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Cancer drugs account for more than a quarter of new U.S. Food and Drug Administration (FDA) approvals, a massive increase from the 4 percent share that they had in the 1980s, a new report says.
The report, by the Tufts Center for the Study of Drug Development (CSDD), shows that 27 percent of all new approvals have been for cancer drugs. In addition, the analysis says that from 1980 to 2018, the FDA approved a total of 126 cancer drugs to treat solid and hematologic tumors.
“New approaches to development helped to drive the surge in new oncology products, including improvements in clinical trial design, novel drug formats, and a focus on new and validated targets. Those efforts appear to have paid off, as cancer patients today have many more effective treatment options,” said Joseph A. DiMasi, research associate professor and director of economic analysis and at Tufts CSDD who conducted the analysis.
DiMasi said there was pressure for more oncology drugs to address currently untreatable or inadequately treated cancers.
Among other issues, the report noted that clinical development of oncological drugs between 1999 and 2018 was 9 percent longer than for non-cancer drugs. It also said the time for getting approval for cancer drugs was 48 percent shorter on average compared to non-cancer approvals.
In addition, the report says total clinical development and approval phase times between 1999 and 2018 was 17 percent longer on average for hematologic drugs (8.8 years) compared to drugs for solid tumors (7.5 years).
Substantially higher percentages of new cancer drug approvals received priority ratings from the FDA and orphan drug status during 1999-18, compared to new non-cancer drug approval, the report says.
“Developers will be challenged to control development costs, particularly those tied to recruiting sufficient numbers of patients for clinical trials involving rare cancers, and manage payer pressure to control drug prices and contain pharmaceutical spending in the U.S.,” DiMasi said.
The FiercePharma website reported that the surge in oncological drug approvals was because pharmaceutical companies have adopted a new approach to drug development, focusing on pursuing novel mechanisms for treating cancer and validating them with clinical trials that are much better designed than they were in the past.
Furthermore, the FDA has increased its efforts to speed the approval of medicines that address unmet medical needs. The result is a flood of new cancer drugs.
“The Tufts analysts emphasized that the pharmaceutical industry has become smarter when it comes to identifying new targets for treating cancer — gene mutations and the like — developing drugs to target them and then designing clinical trials around the patients who are most likely to respond to those medicines,” the FiercePharma website said.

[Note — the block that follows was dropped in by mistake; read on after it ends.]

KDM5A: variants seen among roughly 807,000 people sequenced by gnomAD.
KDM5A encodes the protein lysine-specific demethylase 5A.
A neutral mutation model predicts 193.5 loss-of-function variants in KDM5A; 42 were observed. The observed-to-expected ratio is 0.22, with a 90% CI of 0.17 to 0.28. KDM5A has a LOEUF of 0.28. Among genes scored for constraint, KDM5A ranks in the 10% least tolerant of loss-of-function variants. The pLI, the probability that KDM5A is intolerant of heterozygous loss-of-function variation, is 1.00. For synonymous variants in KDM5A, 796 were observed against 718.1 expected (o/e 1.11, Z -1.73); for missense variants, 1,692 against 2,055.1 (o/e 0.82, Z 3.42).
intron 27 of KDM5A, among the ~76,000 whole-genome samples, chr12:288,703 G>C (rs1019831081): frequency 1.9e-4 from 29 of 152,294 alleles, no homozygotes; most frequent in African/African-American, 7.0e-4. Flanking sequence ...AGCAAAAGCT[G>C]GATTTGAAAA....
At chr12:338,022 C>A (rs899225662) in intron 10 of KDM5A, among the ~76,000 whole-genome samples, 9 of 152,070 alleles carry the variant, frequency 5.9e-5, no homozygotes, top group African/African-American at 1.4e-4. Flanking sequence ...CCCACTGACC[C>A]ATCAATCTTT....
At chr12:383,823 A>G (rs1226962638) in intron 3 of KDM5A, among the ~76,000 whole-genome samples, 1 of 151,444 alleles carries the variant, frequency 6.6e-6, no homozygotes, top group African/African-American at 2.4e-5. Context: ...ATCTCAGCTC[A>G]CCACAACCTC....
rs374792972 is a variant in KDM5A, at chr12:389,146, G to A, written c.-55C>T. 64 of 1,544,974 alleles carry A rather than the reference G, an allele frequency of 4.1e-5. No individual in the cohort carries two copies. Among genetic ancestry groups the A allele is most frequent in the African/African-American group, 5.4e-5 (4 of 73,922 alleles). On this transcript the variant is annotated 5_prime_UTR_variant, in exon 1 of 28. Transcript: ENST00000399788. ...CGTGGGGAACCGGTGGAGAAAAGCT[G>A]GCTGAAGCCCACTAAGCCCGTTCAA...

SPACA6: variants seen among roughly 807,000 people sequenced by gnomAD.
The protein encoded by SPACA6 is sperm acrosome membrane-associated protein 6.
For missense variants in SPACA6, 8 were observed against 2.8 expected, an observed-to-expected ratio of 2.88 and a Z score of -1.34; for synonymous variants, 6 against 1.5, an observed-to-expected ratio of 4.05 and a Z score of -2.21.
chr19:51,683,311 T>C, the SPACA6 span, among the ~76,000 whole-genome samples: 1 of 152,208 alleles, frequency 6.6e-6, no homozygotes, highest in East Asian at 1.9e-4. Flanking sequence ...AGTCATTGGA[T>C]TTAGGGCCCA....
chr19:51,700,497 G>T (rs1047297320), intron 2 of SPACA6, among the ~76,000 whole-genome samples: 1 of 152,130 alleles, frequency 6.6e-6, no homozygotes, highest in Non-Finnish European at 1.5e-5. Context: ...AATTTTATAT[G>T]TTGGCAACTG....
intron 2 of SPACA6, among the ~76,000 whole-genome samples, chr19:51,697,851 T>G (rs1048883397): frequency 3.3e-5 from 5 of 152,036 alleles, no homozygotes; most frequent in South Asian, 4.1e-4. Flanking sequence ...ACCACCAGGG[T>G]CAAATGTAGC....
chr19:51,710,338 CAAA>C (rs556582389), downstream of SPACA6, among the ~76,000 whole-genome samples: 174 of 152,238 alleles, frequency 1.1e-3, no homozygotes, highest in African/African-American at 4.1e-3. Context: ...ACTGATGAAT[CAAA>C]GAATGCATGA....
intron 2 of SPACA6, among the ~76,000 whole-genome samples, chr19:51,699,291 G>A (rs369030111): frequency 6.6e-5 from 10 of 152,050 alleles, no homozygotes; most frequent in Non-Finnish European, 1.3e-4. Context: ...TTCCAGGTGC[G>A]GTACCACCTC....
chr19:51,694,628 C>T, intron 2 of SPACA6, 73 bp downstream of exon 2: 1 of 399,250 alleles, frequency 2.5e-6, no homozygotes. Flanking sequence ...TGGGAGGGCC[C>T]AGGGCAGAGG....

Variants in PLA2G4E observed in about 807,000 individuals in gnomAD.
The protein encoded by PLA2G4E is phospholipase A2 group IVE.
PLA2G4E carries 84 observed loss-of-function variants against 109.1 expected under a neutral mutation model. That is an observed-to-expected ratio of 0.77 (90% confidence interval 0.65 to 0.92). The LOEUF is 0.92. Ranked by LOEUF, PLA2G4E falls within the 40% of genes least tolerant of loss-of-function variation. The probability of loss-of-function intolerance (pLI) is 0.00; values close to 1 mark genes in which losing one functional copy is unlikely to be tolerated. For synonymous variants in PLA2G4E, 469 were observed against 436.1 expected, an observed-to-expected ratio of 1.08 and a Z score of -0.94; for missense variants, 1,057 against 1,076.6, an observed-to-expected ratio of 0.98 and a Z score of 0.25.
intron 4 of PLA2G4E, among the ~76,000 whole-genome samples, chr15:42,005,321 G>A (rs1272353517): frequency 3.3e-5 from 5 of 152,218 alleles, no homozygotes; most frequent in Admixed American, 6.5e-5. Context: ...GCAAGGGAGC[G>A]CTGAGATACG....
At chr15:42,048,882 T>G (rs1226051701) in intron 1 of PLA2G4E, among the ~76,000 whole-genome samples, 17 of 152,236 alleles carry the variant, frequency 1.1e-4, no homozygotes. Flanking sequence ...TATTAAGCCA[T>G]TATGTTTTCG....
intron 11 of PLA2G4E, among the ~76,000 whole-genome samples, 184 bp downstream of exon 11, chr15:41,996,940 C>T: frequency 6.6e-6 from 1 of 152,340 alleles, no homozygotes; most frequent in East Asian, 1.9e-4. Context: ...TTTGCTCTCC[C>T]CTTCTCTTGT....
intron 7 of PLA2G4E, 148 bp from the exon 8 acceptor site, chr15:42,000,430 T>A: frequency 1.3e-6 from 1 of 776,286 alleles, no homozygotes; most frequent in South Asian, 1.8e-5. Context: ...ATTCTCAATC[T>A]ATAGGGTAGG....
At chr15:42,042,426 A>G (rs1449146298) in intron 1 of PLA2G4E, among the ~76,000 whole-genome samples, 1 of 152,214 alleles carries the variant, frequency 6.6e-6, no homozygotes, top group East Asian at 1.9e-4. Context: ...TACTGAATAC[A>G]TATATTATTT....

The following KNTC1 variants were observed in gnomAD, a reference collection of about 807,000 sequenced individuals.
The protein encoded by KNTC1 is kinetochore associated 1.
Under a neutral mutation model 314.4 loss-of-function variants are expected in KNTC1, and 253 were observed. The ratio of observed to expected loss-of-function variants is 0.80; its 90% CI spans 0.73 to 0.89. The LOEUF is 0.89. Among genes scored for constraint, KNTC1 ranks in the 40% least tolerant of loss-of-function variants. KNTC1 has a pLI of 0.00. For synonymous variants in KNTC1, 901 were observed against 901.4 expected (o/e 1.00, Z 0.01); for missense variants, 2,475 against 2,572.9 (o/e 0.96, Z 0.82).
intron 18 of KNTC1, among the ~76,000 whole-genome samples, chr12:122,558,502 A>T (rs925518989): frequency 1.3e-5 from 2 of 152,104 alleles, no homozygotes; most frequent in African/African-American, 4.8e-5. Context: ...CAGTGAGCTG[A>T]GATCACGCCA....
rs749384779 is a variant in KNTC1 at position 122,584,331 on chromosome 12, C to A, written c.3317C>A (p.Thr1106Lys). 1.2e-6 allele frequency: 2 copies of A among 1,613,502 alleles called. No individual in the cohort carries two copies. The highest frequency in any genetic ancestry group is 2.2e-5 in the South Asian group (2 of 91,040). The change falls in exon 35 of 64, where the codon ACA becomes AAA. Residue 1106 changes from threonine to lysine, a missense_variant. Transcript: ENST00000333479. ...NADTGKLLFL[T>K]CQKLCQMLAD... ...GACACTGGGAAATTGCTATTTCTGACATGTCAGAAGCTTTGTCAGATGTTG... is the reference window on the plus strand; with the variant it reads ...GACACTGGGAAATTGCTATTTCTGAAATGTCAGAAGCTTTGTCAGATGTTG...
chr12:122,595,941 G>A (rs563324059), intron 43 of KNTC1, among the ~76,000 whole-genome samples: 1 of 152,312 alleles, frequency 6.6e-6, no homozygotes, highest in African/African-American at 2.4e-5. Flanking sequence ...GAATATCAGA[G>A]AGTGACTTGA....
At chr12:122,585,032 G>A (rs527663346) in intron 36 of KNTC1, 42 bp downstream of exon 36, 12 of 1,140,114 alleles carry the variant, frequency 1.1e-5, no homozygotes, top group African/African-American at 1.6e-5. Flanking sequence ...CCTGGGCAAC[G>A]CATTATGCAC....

In 1992, the FDA introduced the Accelerated Approval Program to allow for earlier approval of drugs that treat serious conditions, and that fill an unmet medical need based on a surrogate endpoint. A surrogate endpoint is a marker, such as a laboratory measurement, radiographic image, physical sign or other measure that is thought to predict clinical benefit but is not itself a measure of clinical benefit. The use of a surrogate endpoint can considerably shorten the time required prior to receiving FDA approval, it was explained.
The FDA says using surrogate or intermediate clinical endpoints can save valuable time in the drug approval process. “For example, instead of having to wait to learn if a drug actually extends survival for cancer patients, the FDA may approve a drug based on evidence that the drug shrinks tumors because tumor shrinkage is considered reasonably likely to predict a real clinical benefit.”
The accelerated approval program based on a surrogate endpoint has not been without criticism.
A study published in the medical journal, JAMA Internal Medicine in May found that among cancer drugs that received accelerated approval from the FDA using surrogate endpoints or other measures, only 20 percent ended up improving overall survival rates in later confirmatory trials.
“Cancer patients need cancer drugs faster, and accelerated approval helps expedite the process but patients don’t need just any cancer drugs, they need cancer drugs that help them have a longer and-or better lives,” Bishal Gyawali, a medical oncologist and assistant professor at Queen’s University in Canada, who was the first author of the study, was quoted as having said.
Examples of cancer drug use that received accelerated approval from the FDA but that failed to improve the primary endpoint of overall survival in their post-approval trials include bevacizumab for glioblastoma; atezolizumab for urothelial; nivolumab after ipilimumab or BRAF-inhibitor in melanoma and pembrolizumab for head and neck cancer.
In addition to the Accelerated Approval Program, the FDA has three other expedited review and approval programs – Breakthrough Therapy, Priority Review, and Fast Track – which are now drawing more submissions than ever before.